The African civet is an omnivorous generalist, taking small vertebrates, invertebrates, eggs, carrion, and vegetable matter. It is capable of taking on poisonous invertebrates (such as the millipedes most other species avoid) and snakes. Prey is primarily detected by smell and sound rather than by sight.
Like all civets it has perineal glands that produce a fluid known as civet, which it spreads on markers in its territory to claim its range. It is used in the perfume industry.
Some civets, such as the African civet and the Congo water civet, are semiaquatic. Although most civets live on the ground, palm civets are found in trees and eat fruit.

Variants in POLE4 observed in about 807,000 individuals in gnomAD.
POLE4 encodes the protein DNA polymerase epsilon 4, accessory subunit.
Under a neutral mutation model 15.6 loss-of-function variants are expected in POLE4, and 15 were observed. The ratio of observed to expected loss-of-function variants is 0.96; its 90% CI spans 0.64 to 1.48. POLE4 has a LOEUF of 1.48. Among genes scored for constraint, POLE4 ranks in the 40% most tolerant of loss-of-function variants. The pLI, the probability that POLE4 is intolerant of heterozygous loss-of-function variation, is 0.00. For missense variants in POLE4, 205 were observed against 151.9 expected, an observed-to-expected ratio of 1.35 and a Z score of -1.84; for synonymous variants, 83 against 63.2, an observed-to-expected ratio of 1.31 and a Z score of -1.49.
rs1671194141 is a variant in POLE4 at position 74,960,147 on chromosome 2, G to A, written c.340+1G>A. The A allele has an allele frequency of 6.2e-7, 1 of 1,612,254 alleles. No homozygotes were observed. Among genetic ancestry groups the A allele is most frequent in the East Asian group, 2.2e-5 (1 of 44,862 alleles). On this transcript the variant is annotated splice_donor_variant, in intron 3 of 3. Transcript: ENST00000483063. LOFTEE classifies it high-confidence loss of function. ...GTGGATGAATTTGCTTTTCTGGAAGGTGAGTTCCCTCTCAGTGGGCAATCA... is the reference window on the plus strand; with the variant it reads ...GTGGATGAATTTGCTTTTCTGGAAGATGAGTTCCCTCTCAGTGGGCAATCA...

The perineal gland secretion, civet, has been the basic ingredient for many perfumes for hundreds of years and is still being used today although on the decline since the creation of synthetic musk. African civets have been kept in captivity and milked for their civet which is diluted into perfumes. They can secrete three to four grams of civet per week and it can be sold for just under five hundred dollars per kilogram. The WSPA says that Chanel, Cartier, and Lancôme have all admitted to using civet in their products and that laboratory tests detected the ingredient in Chanel No. 5.